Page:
Kiara Needs Help, and Hackett Middle School Answers the Call
I had my first school visit for Rogue today, at a week-long summer program for college-bound students at Hackett Middle School in Albany. The 36 students have been reading the novel in class. They’re up to Chapter 6 and will be finishing it on the bus to Boston tomorrow, where they have an overnight field trip. (Some are finished already and sworn to secrecy on the ending.)
In part because I lost my voice because of a cold at ALA and still haven’t gotten it back completely, and in part because 90 minutes of talking to seventh and eighth graders does not make for a good program, I invited the students to become part of the novel through an activity in which they gave advice to Kiara. Before handing out the four scenarios, I asked the kids how many think Kiara “needs help.” Every hand went up. I asked them if they ever go to the Internet for help the way she does. About half of them do go to places like Yahoo! Answers to find information, but none do so to learn how to make friends or get along with other people.
Kiara does, however. These were the four scenarios, as my character writes them in a letter to “Mr. Internet”:
1. It usually takes the New Kids two weeks to dump me, three weeks at the most. I go up to them on the first day of school and invite them to sit with me at lunch. They do, and we talk, and I think that they like me. Sometimes they even come to my house or I go to theirs. But then they find other friends and stop sitting with me and being my friend. Sometimes when their friends pick on me, the New Kids pick on me too. L
My question: How can I get the New Kids to stay my friends?
2. I’m going to live with my mother in Montreal. I’ll be the New Kid there! I’m excited, but I’m also scared because I didn’t have any friends in my old school. When I tried to make friends with the New Kids, they all dumped me for more popular kids. How can I make sure what happened to me in my old school doesn’t happen to me in my new school?
And, guess what! I speak French very well. Je parle le français três bien.
3. A girl in my science class asked if anyone in class would help her with a project. I offered to help because she has a lot of friends and I want her to like me. When she replied to my offer, I realized she isn’t going to like me but she still wants me to help her.
Should I help her because I already offered and because good people help others even though they don’t expect to get something in return? Or should I not help her because I don’t want to feel that she’s taking advantage of me?
4. A popular girl invited me to a pool party at her house. But the last time the popular girls invited me to a pool party, they teased me until I cried, and then they laughed at me because I was crying. I ended up sitting alone in the other girl’s living room until my mother could get off work to pick me up.
Although this girl was at the last party, she didn’t tease me the way the others did. She was kind of nice to me, and I’d like her to be my friend. Should I go to her party, or should I say I’m busy (which I’m not)? I think the party might be fun and a place where I can make friends, but it might also be a trap like the last party was.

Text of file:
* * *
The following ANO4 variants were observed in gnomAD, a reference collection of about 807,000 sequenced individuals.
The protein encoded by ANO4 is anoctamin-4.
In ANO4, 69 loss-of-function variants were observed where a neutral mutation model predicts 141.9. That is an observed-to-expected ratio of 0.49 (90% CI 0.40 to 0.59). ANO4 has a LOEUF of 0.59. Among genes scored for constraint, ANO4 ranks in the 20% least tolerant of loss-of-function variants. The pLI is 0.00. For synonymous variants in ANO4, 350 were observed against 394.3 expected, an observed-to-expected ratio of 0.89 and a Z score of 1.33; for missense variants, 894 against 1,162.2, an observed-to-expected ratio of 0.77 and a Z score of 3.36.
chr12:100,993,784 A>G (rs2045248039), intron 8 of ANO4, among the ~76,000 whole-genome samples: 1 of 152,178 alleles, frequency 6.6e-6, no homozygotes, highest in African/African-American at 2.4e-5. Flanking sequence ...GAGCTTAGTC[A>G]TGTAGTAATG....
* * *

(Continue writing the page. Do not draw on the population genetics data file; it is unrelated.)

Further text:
About half of the kids answered question #2, with a few for question #1 and the rest pretty much evenly divided between questions #3 and #4. The answers were thoughtful and sometimes surprising. For instance, I thought some of the kids would advise her to stay home from the party, but everyone suggested she go. One advised her to have her mother or father on standby in case things don’t work out, and another said she should take a walk if things got too difficult for her there. One of the boys who answered question #1 told Kiara she needed to change too–she needed to talk to other kids about what they wanted to talk about, and to listen and respond to what she said. One of the teachers wondered if that wasn’t “blaming the victim,” but the kids felt that Kiara had to be more open to other people. This tied in perfectly to my wrap-up for the day, at which point I talked about the importance of having the character grow and change in the novel. Without giving away the ending of Rogue, I said that Kiara does grow and change, as she learns that in order to have a friend, she must BE a friend.
We also talked about bullying, and how the kids would respond to someone like Kiara being bullied in the cafeteria. Although surveys report that a majority of kids would tell an adult if they saw a classmate being bullied, only one of the kids raised her hand when I asked if they would tell an adult. Others said they wouldn’t, because they wouldn’t want to end up on the wrong side of the popular kids. The teachers might not have been happy to hear these honest opinions, but the kids’ honesty allowed us to explore these issues and the consequences of not telling–in Kiara’s case, an act of violence that led to another girl getting a bloody nose and Kiara being suspended. The kids did say they might report the incident anonymously to the school social worker later, because they know that Kiara needs help–after all, they’d all raised their hands when I asked that questions–and saying something, even after the fact, might lead her to getting the help she needs.
Here are a few of the highest-rated answers:
For question #2, where Kiara is the New Kid:
And question #4: